- Timing is key. Try to base your timing around peak hour traffic to get a consistent flow of traffic at all times. There’s nothing worse than standing around in the dark waiting for cars to come by. Instead if you’re shooting at peak hour you’ll never have any issues with waiting for cars to come through
If you can’t get a high vantage point, try get close to the action. Sometimes I find setting the tripod on the corner of a busy intersection and zooming in a little will create a sense that your camera is only centimeters away from the action
- Experiment with varying exposures from long exposures so the traffic creates red and white lines to shorter exposures where you can almost make out the detail of the passing cars. Melbourne is quite iconic for its yellow taxi’s and trams. In the two images in the bottom left hand corner below I wanted to capture the movement of these in a long exposure but to avoid blurring them out completely I opted for a shorter long exposure
- Aim to take your traffic long exposure photographs around sunset, sunrise or blue hour. Your aim is to photograph the tail or front lights of passing cars and it’s only obvious that this will be more around time when light is limited and cars will need their lights on. The bonus of this is that your camera will be able to obtain a long exposure without the need for neutral density filters and you will get some beautiful colour in the sky. My first traffic long exposure photo taken above was taken late at night so the sky is lost and a dull black. If i was to of shot this on sunset or blue hour I would of had a lovely sky against the traffic streaks. It’s little things like this that can make a photo
- When scouting locations suitable for long exposures of passing traffic I’ll try to base it around major entry/exit points of a city. For the top two photographs below, both are major entry and exit points to Melbourne. It was important that I timed the photos for peak hour to ensure there was a steady flow of traffic to capture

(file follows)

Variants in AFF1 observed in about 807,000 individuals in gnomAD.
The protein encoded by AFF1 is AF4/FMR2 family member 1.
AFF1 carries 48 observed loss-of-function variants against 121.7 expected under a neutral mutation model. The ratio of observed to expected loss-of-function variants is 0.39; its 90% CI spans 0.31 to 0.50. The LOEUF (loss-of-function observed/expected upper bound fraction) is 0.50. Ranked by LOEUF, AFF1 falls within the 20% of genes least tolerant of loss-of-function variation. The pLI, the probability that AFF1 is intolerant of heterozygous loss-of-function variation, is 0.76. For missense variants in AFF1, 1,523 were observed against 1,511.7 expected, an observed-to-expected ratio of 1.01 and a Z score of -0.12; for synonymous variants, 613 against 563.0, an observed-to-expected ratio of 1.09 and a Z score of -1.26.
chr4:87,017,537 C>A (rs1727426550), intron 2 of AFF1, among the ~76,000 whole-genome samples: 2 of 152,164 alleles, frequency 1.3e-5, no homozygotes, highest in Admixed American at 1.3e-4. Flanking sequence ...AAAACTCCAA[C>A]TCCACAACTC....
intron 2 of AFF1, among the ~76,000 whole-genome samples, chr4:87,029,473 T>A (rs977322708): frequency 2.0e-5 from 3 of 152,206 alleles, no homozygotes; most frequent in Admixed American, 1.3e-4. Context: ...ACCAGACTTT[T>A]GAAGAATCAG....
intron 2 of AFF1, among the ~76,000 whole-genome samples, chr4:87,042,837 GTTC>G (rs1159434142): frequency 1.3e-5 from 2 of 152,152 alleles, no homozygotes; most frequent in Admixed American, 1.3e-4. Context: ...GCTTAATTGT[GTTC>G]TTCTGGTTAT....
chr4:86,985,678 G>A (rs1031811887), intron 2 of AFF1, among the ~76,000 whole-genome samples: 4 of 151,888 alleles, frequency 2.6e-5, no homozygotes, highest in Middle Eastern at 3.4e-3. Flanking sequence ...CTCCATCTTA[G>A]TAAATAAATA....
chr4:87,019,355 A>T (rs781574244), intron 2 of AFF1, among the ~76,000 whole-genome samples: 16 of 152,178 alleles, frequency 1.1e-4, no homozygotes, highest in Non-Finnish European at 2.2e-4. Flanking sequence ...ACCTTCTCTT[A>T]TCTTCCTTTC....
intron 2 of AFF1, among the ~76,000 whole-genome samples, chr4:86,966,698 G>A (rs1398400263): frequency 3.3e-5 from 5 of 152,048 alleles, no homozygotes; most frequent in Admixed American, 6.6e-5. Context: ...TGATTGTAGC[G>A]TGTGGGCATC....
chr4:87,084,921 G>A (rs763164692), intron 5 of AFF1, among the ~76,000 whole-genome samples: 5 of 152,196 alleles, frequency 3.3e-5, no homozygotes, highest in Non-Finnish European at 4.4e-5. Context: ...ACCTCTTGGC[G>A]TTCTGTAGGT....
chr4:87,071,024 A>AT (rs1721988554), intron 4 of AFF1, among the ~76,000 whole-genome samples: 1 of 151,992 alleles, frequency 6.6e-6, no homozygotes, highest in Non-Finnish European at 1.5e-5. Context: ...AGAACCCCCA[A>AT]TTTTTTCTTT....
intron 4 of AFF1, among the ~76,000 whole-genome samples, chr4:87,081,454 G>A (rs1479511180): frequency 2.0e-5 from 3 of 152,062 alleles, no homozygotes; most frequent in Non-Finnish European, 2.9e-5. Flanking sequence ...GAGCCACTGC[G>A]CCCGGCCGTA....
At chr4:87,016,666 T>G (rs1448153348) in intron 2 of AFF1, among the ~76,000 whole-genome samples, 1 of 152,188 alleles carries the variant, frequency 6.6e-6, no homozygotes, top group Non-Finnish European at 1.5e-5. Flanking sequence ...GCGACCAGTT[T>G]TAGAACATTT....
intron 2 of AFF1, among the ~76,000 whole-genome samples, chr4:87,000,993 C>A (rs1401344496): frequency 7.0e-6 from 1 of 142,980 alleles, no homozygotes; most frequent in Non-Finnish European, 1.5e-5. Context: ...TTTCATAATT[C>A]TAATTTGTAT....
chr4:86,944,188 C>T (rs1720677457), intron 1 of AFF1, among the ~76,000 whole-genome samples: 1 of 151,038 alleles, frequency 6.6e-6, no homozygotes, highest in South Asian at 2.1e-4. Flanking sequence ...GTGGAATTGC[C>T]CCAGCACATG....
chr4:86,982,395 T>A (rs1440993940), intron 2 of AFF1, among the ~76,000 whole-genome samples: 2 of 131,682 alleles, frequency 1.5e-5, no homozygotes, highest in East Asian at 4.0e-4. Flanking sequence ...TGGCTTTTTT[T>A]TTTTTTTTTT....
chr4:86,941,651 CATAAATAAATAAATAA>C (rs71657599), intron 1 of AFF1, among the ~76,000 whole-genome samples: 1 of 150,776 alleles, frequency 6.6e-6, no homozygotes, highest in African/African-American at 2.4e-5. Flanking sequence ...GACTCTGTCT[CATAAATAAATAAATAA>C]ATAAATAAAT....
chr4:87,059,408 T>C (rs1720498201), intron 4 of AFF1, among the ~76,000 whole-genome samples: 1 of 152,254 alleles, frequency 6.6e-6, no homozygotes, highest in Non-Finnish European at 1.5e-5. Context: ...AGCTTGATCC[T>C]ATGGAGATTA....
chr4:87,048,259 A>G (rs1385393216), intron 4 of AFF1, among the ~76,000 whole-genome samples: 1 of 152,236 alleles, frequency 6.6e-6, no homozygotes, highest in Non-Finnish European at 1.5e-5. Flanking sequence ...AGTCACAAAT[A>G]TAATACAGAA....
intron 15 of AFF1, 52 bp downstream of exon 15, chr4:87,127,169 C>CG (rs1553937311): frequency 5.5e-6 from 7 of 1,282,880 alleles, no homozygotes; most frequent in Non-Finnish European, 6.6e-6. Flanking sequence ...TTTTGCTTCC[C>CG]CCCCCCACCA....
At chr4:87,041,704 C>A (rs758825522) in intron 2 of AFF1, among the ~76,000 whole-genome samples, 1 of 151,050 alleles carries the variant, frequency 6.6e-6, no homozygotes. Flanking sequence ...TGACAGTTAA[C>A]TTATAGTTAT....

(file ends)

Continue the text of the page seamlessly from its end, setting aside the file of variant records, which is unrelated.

Waterfall Long Exposures
A while ago I put together an article that touches on what settings to use for waterfall photography. The article looks at how to shoot long exposures in daylight for waterfalls, demonstrates the effect shutter speed can have for waterfall photography and other little tips. That aside let’s look at some ideas for waterfall long exposure photography:
- It doesn’t have to be just about big waterfalls. Sometimes streams that come further down from the main waterfall can create great composition points for you photo. Take the second photo on the top row for example, the main waterfall is a lot further up stream but the two rocks created a nice composition point for my photo
- Look for little swirls of foam or water coming off the waterfall or further down stream. When shooting waterfalls I’ll try to keep an eye out for little pockets of water doing interesting things. Try to study them for a few seconds and imagine how they will look if you were to use a 3-5 second long exposure. To give you an idea what I mean, check out the bottom two photos on the third row where little lines of spray were flowing down off the waterfall and created an interesting effect in the long exposure. This adds a nice touch to your composition and makes it stand out a bit more from the rest
- Get side on to the waterfall. Most people will generally shoot a waterfall looking directly front on. Why not try something different and go to the side? Just be warned though your lens will quickly accumulate spray from the waterfall if you’re not careful. It’s a matter of quickly planting the tripod, looking through and lining things up, firing the shot and moving the camera out of the spray. Rinse and repeat until you get a shot you’re happy with